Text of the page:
The most common G haplotype present in Europe today is G2a2b2a1.  The earlier branches, such as the G2a2b2 haplotype, are associated with the spread of agriculture in Europe, but the latter variants in Europe (and the most numerous in present-day population) are potentially a result of the spread of the Roman empire -- there is an apparent Romanian-Austrian-German-Swiss-Dutch-English axis to explain the spread of G in Europe during the period 100 – 500 CE closely following the borders of the Roman empire.  Either they were mercenaries in the Roman army, or were fighting against the Romans.  A few years ago an analysis of the presumed blood of King Louis XVI of France (yes, the one who was guillotined) was G2a2a (http://www.fsigenetics.com/article/PIIS1872497310001602/ and http://www.fsijournal.org/article/S0379-0738%2812%2900536-1/abstract), but other genealogical studies raise some doubts about this conclusion (http://www.nature.com/articles/srep04666; https://www.igenea.com/en/bourbons), because this marker is not shared by other present-day descendants of the Bourbon kings.  Recently, it was reported that King Richard III of England had the marker G2 (http://www.nature.com/articles/ncomms6631), but we do not currently have information about the subtype to which he belonged.  Richard III was the last “English” king and was neither Norman nor Anglo Saxon.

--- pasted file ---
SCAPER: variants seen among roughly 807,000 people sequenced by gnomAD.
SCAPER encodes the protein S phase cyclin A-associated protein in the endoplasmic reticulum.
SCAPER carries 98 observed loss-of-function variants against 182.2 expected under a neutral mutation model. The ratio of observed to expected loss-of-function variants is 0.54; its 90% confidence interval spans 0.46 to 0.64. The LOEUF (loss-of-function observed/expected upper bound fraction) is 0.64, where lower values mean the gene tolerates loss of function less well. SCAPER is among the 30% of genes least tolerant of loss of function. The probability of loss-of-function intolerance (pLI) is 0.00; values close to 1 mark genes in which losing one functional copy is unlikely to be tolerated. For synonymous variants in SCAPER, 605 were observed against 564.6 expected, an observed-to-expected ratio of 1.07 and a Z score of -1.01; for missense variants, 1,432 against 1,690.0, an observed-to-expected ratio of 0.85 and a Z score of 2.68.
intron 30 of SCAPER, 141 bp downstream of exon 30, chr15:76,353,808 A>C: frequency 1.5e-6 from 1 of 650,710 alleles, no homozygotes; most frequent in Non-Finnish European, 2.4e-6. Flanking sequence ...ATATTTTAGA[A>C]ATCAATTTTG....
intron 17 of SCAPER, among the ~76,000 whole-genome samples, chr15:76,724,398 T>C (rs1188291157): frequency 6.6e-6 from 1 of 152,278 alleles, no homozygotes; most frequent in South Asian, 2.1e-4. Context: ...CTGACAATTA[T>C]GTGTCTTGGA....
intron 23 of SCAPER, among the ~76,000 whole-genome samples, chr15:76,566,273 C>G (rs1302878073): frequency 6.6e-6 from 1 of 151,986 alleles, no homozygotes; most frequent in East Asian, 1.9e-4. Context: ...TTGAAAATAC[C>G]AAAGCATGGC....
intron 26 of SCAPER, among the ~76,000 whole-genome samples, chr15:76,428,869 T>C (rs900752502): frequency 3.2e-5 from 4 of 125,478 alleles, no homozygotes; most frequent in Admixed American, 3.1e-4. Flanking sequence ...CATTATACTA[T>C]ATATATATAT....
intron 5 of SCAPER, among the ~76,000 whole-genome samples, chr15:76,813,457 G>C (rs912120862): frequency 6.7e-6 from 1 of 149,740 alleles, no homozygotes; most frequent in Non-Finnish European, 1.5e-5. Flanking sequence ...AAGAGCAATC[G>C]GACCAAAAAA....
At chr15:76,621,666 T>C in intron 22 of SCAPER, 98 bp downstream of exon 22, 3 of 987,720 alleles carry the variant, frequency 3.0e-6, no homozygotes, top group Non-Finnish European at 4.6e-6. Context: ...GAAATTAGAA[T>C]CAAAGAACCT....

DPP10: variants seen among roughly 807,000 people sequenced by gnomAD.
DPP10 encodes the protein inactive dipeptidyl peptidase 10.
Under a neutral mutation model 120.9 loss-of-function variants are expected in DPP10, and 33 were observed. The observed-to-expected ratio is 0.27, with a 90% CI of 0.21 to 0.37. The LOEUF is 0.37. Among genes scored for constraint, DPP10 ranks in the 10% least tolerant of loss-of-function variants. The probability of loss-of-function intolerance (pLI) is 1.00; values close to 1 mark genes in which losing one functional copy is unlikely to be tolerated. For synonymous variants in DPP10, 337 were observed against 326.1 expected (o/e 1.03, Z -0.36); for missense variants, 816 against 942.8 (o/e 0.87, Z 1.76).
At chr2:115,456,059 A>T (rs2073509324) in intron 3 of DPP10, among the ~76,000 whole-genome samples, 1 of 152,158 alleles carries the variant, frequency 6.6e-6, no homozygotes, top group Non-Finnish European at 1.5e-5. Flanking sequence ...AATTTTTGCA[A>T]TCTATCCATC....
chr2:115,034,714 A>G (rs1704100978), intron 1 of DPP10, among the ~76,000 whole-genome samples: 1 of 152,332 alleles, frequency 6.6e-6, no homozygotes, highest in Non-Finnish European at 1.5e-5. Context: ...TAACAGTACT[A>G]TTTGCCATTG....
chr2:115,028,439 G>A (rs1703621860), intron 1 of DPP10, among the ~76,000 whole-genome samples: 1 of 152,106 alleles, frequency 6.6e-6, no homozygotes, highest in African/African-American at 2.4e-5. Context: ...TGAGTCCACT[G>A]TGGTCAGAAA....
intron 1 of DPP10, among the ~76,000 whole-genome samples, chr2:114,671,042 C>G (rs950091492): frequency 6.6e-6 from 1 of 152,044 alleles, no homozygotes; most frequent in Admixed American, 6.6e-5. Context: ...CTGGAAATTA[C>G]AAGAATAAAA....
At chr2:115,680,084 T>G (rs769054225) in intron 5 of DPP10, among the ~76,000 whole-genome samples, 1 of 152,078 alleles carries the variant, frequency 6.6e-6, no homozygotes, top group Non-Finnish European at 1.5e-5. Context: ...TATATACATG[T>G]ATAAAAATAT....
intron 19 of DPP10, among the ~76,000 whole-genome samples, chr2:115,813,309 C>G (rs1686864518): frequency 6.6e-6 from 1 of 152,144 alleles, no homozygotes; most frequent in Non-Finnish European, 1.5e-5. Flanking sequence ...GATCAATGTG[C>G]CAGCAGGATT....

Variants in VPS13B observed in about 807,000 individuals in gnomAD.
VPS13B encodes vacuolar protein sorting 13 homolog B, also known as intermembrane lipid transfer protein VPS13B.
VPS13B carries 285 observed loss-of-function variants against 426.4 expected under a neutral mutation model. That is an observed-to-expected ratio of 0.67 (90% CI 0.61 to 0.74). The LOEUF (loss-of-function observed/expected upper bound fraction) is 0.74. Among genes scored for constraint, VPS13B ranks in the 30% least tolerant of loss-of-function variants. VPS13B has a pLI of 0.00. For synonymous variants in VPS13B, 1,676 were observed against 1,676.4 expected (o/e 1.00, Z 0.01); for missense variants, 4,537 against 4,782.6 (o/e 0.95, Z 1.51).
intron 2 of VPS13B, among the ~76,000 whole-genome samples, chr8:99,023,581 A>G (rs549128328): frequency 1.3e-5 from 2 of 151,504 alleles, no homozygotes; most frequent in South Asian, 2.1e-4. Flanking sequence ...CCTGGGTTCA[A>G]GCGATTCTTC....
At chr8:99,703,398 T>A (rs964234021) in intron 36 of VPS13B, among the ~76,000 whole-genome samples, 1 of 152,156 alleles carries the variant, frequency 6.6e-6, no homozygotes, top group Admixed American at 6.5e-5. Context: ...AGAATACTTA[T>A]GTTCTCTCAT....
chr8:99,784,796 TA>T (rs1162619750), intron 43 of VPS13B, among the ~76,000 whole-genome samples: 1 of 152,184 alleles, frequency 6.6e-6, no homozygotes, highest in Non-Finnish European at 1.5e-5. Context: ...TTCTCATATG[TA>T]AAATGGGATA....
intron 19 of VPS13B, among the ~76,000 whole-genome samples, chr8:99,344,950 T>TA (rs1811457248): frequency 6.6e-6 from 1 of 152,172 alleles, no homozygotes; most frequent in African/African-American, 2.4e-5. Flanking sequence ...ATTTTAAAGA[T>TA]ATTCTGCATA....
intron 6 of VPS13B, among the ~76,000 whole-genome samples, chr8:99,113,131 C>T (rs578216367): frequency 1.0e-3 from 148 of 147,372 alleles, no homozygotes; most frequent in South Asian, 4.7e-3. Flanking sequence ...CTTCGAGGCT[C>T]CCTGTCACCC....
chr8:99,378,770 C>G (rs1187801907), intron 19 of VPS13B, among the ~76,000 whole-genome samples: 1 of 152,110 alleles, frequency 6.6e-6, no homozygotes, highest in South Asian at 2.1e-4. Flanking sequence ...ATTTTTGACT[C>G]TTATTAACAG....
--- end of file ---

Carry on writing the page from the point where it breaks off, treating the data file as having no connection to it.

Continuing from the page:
Within the G Haplogroup, I have the specific markers G2a2b2a4a1 and I am also negative for markers L13- L140- M286- M406-. Others with similar genetic structure have been found in Palestine, Greece, Spain, and Italy.  [G2a2b2a itself is found today in high percentages among Circassians (Adyghe, Abkhaz) whose pre-historic home is believed to have been in the Northwest areas of the Caucusus (see Table at the end)]
 

 

 

Some observations regarding timelines for the G marker presence in India

 

Around 5,000 years ago, the Circassian homeland was the site of the Bronze Age Kurgan culture associated with Proto-Indo-Europeans.  It may be that the ancestor of G2a2b2a was part of the early Indo-European migrations East, arriving in North Eastern Iran/Hindukush areas during the first Millenium BCE.  But, in my assessment, G2a2b2a entered the present-day Indian gene pool only about 2,000 years ago (see below for details), and had a common ancestor with G2a2b  sub-groups about 5,000 to 10,000 years ago.  I believe that my paternal ancestors have been in South India for at least around 1,000 years, and perhaps even up to 1,800 years, having settled in Kanchipuram in Tamilnadu.  In India, the G haplogroup is present in a range of different groups, including about 64% of Afridi Pashtuns in Uttar Pradesh, 13% of Iyengars (most of whom are likely to be G2a2b2a), 11.1% of Bihar Paswans, 11% of Gujarati Brahmins, 10% of Iyers, 6.5% of Bene Israels of Bombay, 3.3% of Maharashtra Brahmins, 3.6% of Punjabi Brahmins (as well as other Punjabis), and a few other groups with small representations: Parsis (Zoroastrian) and Ambalakarars (Kerala temple dwellers).